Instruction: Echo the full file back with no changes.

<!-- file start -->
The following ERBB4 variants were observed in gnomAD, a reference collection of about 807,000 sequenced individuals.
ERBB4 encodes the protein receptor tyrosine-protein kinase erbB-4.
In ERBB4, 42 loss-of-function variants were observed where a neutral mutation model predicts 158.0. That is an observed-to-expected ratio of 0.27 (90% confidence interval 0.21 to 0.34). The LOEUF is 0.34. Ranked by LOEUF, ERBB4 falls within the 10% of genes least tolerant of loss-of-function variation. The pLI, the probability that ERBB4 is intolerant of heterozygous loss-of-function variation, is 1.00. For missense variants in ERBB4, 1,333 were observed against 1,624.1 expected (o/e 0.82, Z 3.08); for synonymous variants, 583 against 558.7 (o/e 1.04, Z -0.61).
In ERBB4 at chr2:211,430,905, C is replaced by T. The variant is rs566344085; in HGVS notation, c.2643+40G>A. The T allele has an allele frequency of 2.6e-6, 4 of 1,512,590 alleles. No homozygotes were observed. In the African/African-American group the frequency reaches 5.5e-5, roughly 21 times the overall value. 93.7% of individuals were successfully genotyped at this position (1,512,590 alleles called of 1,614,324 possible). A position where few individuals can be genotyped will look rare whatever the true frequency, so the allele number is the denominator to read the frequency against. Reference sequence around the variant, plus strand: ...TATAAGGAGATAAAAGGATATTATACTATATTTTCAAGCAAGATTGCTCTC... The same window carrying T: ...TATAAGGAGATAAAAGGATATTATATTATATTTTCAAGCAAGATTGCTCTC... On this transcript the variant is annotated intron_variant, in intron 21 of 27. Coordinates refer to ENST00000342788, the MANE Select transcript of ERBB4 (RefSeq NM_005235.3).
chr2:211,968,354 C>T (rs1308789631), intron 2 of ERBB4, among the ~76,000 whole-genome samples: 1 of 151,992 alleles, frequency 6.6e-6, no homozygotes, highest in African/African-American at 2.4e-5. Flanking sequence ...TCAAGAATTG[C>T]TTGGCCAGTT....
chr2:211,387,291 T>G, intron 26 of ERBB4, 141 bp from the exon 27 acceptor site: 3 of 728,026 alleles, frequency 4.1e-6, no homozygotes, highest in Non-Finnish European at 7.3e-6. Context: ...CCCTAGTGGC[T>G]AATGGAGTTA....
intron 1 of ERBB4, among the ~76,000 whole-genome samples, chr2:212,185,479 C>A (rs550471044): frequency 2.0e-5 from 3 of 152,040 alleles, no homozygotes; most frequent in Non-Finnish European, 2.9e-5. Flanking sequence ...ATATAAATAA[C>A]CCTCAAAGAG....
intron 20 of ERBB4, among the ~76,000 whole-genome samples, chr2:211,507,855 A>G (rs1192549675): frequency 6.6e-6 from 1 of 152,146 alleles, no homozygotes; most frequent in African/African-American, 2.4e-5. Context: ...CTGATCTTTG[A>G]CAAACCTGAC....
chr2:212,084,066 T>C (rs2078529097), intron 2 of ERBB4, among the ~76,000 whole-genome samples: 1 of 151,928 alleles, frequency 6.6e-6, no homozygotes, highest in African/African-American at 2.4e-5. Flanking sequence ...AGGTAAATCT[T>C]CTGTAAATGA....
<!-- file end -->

The following ERBB4 variants were observed in gnomAD, a reference collection of about 807,000 sequenced individuals.
ERBB4 encodes the protein receptor tyrosine-protein kinase erbB-4.
In ERBB4, 42 loss-of-function variants were observed where a neutral mutation model predicts 158.0. That is an observed-to-expected ratio of 0.27 (90% confidence interval 0.21 to 0.34). The LOEUF is 0.34. Ranked by LOEUF, ERBB4 falls within the 10% of genes least tolerant of loss-of-function variation. The pLI, the probability that ERBB4 is intolerant of heterozygous loss-of-function variation, is 1.00. For missense variants in ERBB4, 1,333 were observed against 1,624.1 expected (o/e 0.82, Z 3.08); for synonymous variants, 583 against 558.7 (o/e 1.04, Z -0.61).
In ERBB4 at chr2:211,430,905, C is replaced by T. The variant is rs566344085; in HGVS notation, c.2643+40G>A. The T allele has an allele frequency of 2.6e-6, 4 of 1,512,590 alleles. No homozygotes were observed. In the African/African-American group the frequency reaches 5.5e-5, roughly 21 times the overall value. 93.7% of individuals were successfully genotyped at this position (1,512,590 alleles called of 1,614,324 possible). A position where few individuals can be genotyped will look rare whatever the true frequency, so the allele number is the denominator to read the frequency against. Reference sequence around the variant, plus strand: ...TATAAGGAGATAAAAGGATATTATACTATATTTTCAAGCAAGATTGCTCTC... The same window carrying T: ...TATAAGGAGATAAAAGGATATTATATTATATTTTCAAGCAAGATTGCTCTC... On this transcript the variant is annotated intron_variant, in intron 21 of 27. Coordinates refer to ENST00000342788, the MANE Select transcript of ERBB4 (RefSeq NM_005235.3).
chr2:211,968,354 C>T (rs1308789631), intron 2 of ERBB4, among the ~76,000 whole-genome samples: 1 of 151,992 alleles, frequency 6.6e-6, no homozygotes, highest in African/African-American at 2.4e-5. Flanking sequence ...TCAAGAATTG[C>T]TTGGCCAGTT....
chr2:211,387,291 T>G, intron 26 of ERBB4, 141 bp from the exon 27 acceptor site: 3 of 728,026 alleles, frequency 4.1e-6, no homozygotes, highest in Non-Finnish European at 7.3e-6. Context: ...CCCTAGTGGC[T>G]AATGGAGTTA....
intron 1 of ERBB4, among the ~76,000 whole-genome samples, chr2:212,185,479 C>A (rs550471044): frequency 2.0e-5 from 3 of 152,040 alleles, no homozygotes; most frequent in Non-Finnish European, 2.9e-5. Flanking sequence ...ATATAAATAA[C>A]CCTCAAAGAG....
intron 20 of ERBB4, among the ~76,000 whole-genome samples, chr2:211,507,855 A>G (rs1192549675): frequency 6.6e-6 from 1 of 152,146 alleles, no homozygotes; most frequent in African/African-American, 2.4e-5. Context: ...CTGATCTTTG[A>G]CAAACCTGAC....
chr2:212,084,066 T>C (rs2078529097), intron 2 of ERBB4, among the ~76,000 whole-genome samples: 1 of 151,928 alleles, frequency 6.6e-6, no homozygotes, highest in African/African-American at 2.4e-5. Flanking sequence ...AGGTAAATCT[T>C]CTGTAAATGA....